There exists a bit of a trope in music that deals with the haunting wails of a generously ranged vocalist singing over blackened synths, eerie atmospherics, and those tell-tale drum machine claps. A few names immediately come to mind: Lykke Li, Phantogram, Lapsley, etc. Every one of them very much different than the other, but the bewitching female vocalist laid over some choice beats and rhythmics might as well be its own genre by now. But it’s probably too disingenuous to those artists to even sarcastically suggest a collective genre for them–maybe a themed playlist or mixed-CD would be more appropriate? If that’s more your speed then in the process of creating said collection of slick tunes you’d better include the wickedly spellbinding debut Careless People by Charlotte OC.
An album that was a long time coming, Charlotte’s career began with a four-album record deal with Columbia and was cut short when she was dropped after the first album. Relocating to Berlin and doing a little soul searching in the city’s lush techno underbelly, Charlotte emerged with a reignited fire in her belly and newfound inspiration for her own music. Taken from a famous line in “The Great Gatsby,” Careless People is a betrayingly intimate and at times poetic account of the collateral recklessness that people toss around, inflicting their negligent damage on those around them. Destined to be more than just your average edgy pop star, Charlotte opens her album with the desperation bleeding “Black Out,” flinging her gorgeous lull towards the distant horizon of the song’s sparse soundscape. Yearning for a new beginning, the album opens up with what feels like a shouted goodbye at a bleak sunset–but even the melancholy is a conflicted emotion. On the more anthemic “Darkest Hour,” Charlotte digs her hopeful shouts into your skin in an attempt to drag you to your feet; while a few finger snaps into “River,” the young singer shows off her R&B chops, swaying and winding herself around a charming melody that spirits you out of the darkness with its synth twinkling.
Caught in a cycle of being hurt, hiding, and healing, Charlotte doesn’t just wear the collateral damage of the album’s titular careless people on her sleeve, she’s inhaled it, let it saturate her until every exhales tastes of it. In “Medicine Man” a confusion of ecstasy with salvation plagues her until need becomes an addiction, bouncing around her pleas against the stormy thunderings of percussion driven electronica. “Shell” is the album’s breakout moment, overlaying the soulfulness of Charlotte’s howling with the beautiful sorcery of her own backing vocals, carrying the aching weight of her confessional on the strength of her own voice. Accompanied by dutiful atmospherics that rumble around her, Charlotte doesn’t rely on the overwhelming quaking of her minimalist instrumentals; like any good ballad, the emotional electricity comes from the singer’s lyrics and their delivery, and in that respect, she’s a lightning storm. Again, on “Choice,” Charlotte is joined by a few strings but takes the song to a hurricane’s crescendo, leaving the downpour in a pool of blood and tears, you can feel the exasperation in her words like it’s a cold rain splashing your cheek. It’s also in this moment that Charlotte almost emulates the alchemy of Romy Croft in transforming the auditory into kinetic and tactile forces; it’s her voice that pules the ballad forward, that leaves your mouth slightly agape as you sit in your stupor.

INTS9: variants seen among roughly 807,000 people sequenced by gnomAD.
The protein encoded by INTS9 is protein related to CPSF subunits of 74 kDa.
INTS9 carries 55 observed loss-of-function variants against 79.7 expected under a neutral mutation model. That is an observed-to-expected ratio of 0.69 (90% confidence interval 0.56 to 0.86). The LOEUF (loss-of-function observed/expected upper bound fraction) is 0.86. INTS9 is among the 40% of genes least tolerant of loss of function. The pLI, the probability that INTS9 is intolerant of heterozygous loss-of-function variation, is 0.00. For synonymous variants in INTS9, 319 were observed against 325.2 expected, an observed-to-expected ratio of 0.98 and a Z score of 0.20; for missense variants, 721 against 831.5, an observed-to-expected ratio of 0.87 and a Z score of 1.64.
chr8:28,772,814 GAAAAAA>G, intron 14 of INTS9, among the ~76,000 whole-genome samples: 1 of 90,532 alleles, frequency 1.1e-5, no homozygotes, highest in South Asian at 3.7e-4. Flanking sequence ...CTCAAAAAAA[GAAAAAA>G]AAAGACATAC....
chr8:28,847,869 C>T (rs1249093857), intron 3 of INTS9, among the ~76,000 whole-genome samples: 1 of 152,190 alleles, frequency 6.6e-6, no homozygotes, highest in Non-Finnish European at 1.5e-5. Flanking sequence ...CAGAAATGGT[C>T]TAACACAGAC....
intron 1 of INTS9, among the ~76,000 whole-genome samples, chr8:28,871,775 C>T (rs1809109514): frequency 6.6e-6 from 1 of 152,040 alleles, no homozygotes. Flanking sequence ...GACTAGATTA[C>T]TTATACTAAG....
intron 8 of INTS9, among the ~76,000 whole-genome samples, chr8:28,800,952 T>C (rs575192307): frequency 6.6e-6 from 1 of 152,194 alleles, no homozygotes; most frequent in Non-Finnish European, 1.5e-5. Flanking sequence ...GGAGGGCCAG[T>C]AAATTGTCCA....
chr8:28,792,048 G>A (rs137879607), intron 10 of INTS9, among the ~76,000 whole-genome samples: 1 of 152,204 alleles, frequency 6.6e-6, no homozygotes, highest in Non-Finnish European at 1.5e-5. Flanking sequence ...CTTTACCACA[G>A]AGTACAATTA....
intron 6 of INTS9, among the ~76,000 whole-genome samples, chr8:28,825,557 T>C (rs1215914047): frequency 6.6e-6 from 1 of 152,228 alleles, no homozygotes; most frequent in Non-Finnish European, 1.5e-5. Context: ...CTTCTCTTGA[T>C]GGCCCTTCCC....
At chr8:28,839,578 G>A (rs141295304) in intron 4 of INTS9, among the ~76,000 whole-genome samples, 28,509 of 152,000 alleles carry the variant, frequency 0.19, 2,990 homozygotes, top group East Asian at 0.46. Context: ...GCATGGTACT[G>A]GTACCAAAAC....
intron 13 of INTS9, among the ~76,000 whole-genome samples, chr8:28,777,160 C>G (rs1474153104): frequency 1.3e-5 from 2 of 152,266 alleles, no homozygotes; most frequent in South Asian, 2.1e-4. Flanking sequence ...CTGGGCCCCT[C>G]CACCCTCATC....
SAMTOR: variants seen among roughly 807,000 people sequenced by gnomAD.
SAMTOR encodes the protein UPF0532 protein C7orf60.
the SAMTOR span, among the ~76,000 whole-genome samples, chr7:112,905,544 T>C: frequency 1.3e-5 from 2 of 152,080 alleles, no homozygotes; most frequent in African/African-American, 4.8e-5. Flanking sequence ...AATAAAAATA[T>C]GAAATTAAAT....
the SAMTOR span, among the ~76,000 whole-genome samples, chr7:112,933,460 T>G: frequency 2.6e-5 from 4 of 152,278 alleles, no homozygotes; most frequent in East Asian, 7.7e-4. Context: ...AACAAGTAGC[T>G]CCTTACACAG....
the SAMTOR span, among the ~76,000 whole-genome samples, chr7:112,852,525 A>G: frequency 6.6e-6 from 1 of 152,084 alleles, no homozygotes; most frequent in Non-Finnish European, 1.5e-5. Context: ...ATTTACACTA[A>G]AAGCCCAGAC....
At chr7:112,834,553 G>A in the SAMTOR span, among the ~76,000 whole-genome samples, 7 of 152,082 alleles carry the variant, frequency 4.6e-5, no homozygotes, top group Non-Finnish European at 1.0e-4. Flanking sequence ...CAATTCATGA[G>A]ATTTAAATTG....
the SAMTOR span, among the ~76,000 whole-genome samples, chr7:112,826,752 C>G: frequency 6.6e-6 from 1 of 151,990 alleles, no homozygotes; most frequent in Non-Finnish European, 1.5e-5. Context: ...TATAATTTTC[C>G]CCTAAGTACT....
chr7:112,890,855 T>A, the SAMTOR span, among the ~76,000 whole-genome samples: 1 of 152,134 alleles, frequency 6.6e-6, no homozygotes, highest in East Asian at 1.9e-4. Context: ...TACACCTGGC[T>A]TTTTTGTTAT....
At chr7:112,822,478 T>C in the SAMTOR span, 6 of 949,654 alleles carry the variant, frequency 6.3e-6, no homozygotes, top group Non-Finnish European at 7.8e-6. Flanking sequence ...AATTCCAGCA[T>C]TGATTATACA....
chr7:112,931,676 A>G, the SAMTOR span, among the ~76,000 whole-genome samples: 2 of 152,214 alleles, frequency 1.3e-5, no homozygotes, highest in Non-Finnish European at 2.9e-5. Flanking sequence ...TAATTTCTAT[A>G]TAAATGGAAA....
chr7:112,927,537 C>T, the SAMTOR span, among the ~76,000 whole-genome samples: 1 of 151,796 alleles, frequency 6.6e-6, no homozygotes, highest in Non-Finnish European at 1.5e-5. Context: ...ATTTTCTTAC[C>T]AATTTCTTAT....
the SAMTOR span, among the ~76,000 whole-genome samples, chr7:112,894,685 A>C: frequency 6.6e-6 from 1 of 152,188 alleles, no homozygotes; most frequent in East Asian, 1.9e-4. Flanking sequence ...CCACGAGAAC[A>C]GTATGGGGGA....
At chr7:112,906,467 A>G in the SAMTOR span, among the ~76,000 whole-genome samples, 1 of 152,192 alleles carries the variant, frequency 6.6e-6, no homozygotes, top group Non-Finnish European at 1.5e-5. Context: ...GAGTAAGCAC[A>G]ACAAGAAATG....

In its final moments, Careless People tosses a few upbeat surprises, including the sublime “Running Back To You,” which leaps and bounds with its delightful melody of devotion. “I Want Your Love” pays slight homage to Charlotte’s techno fascinations in brief reprise, but the last moments of the album are reserved for two final ballads that seek to reconcile the collateral nature of herself and those around her (“Where It Stays,” “In Paris”). Starkly strained and drained in the emotional acrobatics needed to navigate other people’s recklessness–and even her own–Charlotte manages to retain a complexity of her own that has her not just saying how she feels and conjuring up a few trite images in the process, but in leaving the deeply personal unfiltered, she’s all the more relatable in the process.
Words: Steven Ward